Members of the University of Phoenix administration recently attended the University Professional and Continuing Education Association (UPCEAs) 2021 Regions Week conference. The virtual event attracts thousands of UPCEA members from all five regions to share strategies and attend poster sessions and breakout talks while networking with other attendees. UPCEA represents more than 400 institutions throughout the Central, Mid-Atlantic, New England, Southern, and Western U.S. including most of the leading public and private colleges and universities in North America. The organization has a particular focus on professional, continuing and online education programs serving adult learners like University of Phoenix.
During the virtual conference, which was held October 8-21, attendees had an opportunity to share their own strategies to continue and expand educational offerings and resources during the COVID-19 pandemic. All schools had to adapt quickly to continue to meet student needs during the pandemic.
University of Phoenix made a number of adjustments and announcements in response to the pandemic including moving all students to a virtual learning environment and closing all campus centers in March 2020, providing flexible alternatives including telehealth for students in counseling programs who needed to accrue clinical hours and postponing the 2020 commencement. It was paramount to University officials that growth and opportunity for both students and faculty did not slow down as a result of the public health emergency. Instead, they pulled together resources and found new solutions to address the unforeseen difficulties.
How University of Phoenix Promoted Faculty Development During the Pandemic
This included new approaches for promoting faculty development in the midst of the pandemic, a topic addressed at the UPCEA conference by Emily Breuker, associate provost of faculty engagement at University of Phoenix. Breuker presented on the topic with colleagues from other UPCEA institutions.
“This is a collaborative session exploring the various ways University of Phoenix and other institutions engaged with faculty during Covid-19 to promote their development,” Breuker remarked prior to the conference. “We will be looking at our different approaches as well as the technology, tools, systems, structures and processes and content that universities can consider.”
Fostering a Culture of Belonging at University of Phoenix
Not all of the talks were focused on the impact of the pandemic on academic institutions. Two University of Phoenix administrators, Alexandra Escobar, director of programmatic accreditation and regulatory compliance, and Saray Lopez, MBA, director of the Office of Educational Equity, presented together on best practices for fostering community and belonging for nontraditional students and part-time faculty from both an institutional and a programmatic perspective.
University of Phoenix recognizes and values the benefits of diversity and strives to create an inclusive community that embraces different backgrounds, experiences, races, ethnicities, genders, ages, sexual orientations and religions. The Office for Educational Equity supports various diversity, equity and inclusion (DEI) initiatives throughout the University. These include educational partnerships and initiatives, training events for staff and faculty, participation in diversity events and conferences and a webinar series on DEI topics of interest.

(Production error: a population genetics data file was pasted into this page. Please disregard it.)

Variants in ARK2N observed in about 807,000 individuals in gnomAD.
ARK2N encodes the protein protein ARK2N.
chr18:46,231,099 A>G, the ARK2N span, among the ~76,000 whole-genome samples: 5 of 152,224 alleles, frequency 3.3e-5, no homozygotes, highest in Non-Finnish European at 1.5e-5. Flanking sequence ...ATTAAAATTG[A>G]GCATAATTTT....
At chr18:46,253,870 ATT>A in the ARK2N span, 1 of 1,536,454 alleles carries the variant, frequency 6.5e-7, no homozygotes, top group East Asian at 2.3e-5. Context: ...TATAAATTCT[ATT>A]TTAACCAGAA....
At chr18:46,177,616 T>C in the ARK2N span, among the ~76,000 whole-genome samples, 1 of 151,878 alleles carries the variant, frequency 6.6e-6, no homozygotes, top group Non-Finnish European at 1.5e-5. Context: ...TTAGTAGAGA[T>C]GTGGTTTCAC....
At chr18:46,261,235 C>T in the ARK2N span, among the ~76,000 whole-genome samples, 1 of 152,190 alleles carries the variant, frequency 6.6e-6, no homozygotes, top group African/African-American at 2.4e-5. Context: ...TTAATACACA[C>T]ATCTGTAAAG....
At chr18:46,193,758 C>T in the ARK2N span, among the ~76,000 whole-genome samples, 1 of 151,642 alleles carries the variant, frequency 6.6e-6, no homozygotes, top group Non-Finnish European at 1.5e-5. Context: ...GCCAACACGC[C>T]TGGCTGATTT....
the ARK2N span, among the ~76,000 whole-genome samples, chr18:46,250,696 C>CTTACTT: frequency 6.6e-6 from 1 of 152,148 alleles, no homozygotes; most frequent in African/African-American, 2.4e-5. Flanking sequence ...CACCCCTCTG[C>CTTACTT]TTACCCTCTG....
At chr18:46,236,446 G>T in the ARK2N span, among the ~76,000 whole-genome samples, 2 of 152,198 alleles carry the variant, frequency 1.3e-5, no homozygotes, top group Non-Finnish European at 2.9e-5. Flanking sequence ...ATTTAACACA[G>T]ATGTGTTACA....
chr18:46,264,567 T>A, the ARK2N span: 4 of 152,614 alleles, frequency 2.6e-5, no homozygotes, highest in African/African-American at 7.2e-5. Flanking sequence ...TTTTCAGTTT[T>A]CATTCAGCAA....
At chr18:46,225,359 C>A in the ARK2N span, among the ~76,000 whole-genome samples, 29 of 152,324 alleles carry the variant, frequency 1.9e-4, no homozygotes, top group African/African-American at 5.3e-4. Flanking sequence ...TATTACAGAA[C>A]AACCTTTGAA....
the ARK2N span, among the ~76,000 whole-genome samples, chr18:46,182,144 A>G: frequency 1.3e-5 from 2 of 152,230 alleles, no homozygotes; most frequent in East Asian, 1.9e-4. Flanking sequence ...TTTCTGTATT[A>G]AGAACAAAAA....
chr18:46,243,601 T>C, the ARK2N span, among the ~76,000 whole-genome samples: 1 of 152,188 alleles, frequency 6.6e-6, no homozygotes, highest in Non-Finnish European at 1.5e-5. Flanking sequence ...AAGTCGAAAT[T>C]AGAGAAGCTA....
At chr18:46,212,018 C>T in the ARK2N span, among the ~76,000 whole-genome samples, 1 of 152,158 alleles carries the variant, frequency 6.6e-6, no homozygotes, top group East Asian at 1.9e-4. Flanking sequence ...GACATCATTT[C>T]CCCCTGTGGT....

During the joint talk for the UPCEA Regions Week Conference, Escobar said, “We wanted to highlight how large-scale University initiatives around Diversity, Equity, Inclusion and Belonging contribute to more focused college and efforts and vice versa.” Lopez and Escobar shared how University of Phoenix has fostered community through cross-departmental collaboration and initiatives developed by both the Office of Educational Equity and the College of Education’s DEI Council.
Office of Educational Equity Uses Inclusive Café to Cultivate Belonging
In a recent report on “Cultivating a Sense of Belonging,” Lopez and Tondra Richardson, MBA, CDP, director of student diversity and inclusion in the Office of Educational Equity, wrote about the steps their office has taken to create a sense of belonging among students, faculty and staff. This includes the Inclusive Café which launched in June 2020. This virtual space for faculty and staff built community through biweekly sessions hosted by subject matter experts on topics impacting various communities.
In the first session, “one participant shared her experience as a Black wife and mother and the fear and anxiety she struggles with each day,” the report noted. “In another instance, an Enrollment Advisor reached out directly to explain how she was multi-racial and struggled to see where she in as well as how this impacted her discussions with students.”
Through these experiences, which they shared in the broader UPCEA community, University of Phoenix leaders say they’ve learned the importance of creating intentional spaces for candid conversations, to ask questions of the community to understand their needs and to empathize with the difficulties various community members are experiencing and how the pandemic may be exacerbating those issues.
About University of Phoenix
University of Phoenix is dedicated to providing education and career opportunities to people of all backgrounds and experiences. In doing so, the University strives to create an educational environment that is built around inclusivity, belonging and celebrating differences. University of Phoenix is designed to meet the needs of nontraditional students and provides flexible schedules, online learning, affordability and coursework designed to prepare adult learners with career options in high-demand industries. With Career Services for Life® commitment, students can pursue career and personal aspirations while balancing their busy lives.